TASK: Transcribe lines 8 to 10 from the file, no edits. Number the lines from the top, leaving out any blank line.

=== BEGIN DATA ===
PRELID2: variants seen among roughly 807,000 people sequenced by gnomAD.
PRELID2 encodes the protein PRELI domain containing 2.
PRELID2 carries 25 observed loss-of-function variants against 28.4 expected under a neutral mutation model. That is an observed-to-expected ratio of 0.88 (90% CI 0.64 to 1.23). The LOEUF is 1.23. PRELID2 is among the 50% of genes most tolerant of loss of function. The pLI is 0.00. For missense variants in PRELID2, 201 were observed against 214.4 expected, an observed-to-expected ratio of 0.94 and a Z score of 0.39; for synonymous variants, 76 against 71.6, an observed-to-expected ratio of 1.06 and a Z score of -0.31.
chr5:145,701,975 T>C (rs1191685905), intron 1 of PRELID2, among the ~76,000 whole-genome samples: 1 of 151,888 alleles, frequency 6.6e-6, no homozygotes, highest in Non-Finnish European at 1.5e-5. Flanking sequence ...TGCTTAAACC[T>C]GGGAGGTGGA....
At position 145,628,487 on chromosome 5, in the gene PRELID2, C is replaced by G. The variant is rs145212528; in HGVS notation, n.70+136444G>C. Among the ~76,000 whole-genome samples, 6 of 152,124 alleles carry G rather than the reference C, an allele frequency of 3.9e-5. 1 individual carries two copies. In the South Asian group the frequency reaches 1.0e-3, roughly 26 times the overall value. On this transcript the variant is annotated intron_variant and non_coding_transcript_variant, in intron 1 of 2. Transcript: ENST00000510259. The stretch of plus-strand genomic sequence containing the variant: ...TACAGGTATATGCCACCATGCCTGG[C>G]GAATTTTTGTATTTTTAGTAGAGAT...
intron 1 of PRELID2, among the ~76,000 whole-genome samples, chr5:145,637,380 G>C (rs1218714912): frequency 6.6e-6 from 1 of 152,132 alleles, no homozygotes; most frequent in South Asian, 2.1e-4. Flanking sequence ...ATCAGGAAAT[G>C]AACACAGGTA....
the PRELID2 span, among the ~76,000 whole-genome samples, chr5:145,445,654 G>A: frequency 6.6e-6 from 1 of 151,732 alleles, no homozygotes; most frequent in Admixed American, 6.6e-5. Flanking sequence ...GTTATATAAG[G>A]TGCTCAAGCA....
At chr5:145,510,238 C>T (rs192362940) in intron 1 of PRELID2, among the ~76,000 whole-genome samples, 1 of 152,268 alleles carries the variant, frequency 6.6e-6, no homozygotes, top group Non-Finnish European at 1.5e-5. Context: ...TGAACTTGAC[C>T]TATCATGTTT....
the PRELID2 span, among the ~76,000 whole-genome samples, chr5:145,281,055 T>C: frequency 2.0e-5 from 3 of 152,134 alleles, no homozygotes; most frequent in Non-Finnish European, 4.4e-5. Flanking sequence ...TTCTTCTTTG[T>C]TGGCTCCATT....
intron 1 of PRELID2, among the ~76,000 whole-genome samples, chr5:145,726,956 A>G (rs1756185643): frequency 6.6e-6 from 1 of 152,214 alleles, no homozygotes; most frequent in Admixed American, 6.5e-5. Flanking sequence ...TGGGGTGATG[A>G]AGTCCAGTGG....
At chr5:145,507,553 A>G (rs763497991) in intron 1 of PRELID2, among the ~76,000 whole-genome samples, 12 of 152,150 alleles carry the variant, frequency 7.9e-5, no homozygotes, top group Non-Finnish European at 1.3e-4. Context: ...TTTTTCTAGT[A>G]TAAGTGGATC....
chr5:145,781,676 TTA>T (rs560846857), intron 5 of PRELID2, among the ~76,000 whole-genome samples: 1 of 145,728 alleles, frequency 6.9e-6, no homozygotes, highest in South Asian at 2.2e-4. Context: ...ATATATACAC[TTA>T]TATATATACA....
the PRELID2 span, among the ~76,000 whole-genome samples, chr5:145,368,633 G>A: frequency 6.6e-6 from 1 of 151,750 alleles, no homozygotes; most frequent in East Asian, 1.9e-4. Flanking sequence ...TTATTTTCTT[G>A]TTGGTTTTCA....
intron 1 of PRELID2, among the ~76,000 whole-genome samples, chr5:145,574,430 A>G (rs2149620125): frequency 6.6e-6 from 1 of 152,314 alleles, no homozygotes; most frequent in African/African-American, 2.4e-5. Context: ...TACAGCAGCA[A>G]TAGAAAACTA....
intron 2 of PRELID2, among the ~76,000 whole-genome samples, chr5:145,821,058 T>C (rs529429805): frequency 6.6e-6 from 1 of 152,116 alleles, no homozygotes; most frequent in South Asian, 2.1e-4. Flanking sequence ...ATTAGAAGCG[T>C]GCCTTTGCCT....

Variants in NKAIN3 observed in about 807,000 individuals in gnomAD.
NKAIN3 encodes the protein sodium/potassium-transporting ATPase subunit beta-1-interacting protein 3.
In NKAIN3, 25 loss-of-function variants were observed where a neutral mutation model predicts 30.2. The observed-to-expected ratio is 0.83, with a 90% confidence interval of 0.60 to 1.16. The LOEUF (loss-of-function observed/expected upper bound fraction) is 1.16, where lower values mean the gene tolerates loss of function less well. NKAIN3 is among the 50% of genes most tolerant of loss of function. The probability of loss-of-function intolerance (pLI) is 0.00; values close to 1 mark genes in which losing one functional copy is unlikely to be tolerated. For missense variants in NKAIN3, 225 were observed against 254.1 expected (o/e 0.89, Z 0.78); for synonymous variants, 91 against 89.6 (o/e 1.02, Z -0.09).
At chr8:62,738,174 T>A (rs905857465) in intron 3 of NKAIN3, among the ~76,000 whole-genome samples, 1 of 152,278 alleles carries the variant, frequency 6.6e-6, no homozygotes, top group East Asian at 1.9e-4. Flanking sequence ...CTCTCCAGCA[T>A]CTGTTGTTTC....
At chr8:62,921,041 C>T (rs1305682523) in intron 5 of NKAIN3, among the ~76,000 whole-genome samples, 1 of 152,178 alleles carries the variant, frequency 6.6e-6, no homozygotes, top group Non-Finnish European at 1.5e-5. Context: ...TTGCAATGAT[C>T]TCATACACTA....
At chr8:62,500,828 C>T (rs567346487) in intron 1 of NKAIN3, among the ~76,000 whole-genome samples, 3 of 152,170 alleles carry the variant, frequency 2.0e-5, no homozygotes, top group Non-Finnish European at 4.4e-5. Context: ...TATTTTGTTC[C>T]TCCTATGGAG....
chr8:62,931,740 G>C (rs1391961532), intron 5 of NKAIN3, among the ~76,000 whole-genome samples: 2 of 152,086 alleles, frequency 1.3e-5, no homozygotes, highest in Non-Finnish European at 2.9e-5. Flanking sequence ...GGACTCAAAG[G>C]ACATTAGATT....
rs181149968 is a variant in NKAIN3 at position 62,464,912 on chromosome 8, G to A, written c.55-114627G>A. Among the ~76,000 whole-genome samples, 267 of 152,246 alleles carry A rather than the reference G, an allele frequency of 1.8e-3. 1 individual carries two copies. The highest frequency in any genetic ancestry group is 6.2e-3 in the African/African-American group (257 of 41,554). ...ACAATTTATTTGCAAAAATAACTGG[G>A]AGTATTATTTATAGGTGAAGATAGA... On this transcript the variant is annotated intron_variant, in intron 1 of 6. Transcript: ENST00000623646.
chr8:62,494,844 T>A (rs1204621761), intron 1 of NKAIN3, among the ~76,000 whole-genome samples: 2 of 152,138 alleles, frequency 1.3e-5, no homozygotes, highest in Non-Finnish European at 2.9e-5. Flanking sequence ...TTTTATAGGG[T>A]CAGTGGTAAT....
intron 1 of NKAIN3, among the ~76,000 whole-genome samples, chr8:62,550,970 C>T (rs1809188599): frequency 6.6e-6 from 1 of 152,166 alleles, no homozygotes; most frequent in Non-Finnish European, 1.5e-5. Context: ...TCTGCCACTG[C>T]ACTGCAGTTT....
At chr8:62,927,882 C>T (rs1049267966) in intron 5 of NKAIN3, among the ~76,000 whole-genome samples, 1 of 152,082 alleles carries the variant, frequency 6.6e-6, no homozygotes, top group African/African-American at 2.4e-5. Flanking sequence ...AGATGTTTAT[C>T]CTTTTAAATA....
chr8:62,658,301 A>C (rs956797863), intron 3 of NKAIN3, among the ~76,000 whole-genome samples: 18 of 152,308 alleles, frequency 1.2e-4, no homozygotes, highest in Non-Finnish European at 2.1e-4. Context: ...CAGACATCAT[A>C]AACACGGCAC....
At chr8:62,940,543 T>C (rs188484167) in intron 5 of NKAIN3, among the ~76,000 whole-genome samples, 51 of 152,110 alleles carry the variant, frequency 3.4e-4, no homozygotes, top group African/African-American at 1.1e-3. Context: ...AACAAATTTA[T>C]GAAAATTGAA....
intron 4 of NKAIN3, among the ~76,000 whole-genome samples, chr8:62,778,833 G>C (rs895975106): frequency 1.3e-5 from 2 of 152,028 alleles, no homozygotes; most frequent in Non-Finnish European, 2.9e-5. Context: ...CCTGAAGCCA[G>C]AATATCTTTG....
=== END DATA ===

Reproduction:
At chr5:145,510,238 C>T (rs192362940) in intron 1 of PRELID2, among the ~76,000 whole-genome samples, 1 of 152,268 alleles carries the variant, frequency 6.6e-6, no homozygotes, top group Non-Finnish European at 1.5e-5. Context: ...TGAACTTGAC[C>T]TATCATGTTT....
the PRELID2 span, among the ~76,000 whole-genome samples, chr5:145,281,055 T>C: frequency 2.0e-5 from 3 of 152,134 alleles, no homozygotes; most frequent in Non-Finnish European, 4.4e-5. Flanking sequence ...TTCTTCTTTG[T>C]TGGCTCCATT....
intron 1 of PRELID2, among the ~76,000 whole-genome samples, chr5:145,726,956 A>G (rs1756185643): frequency 6.6e-6 from 1 of 152,214 alleles, no homozygotes; most frequent in Admixed American, 6.5e-5. Flanking sequence ...TGGGGTGATG[A>G]AGTCCAGTGG....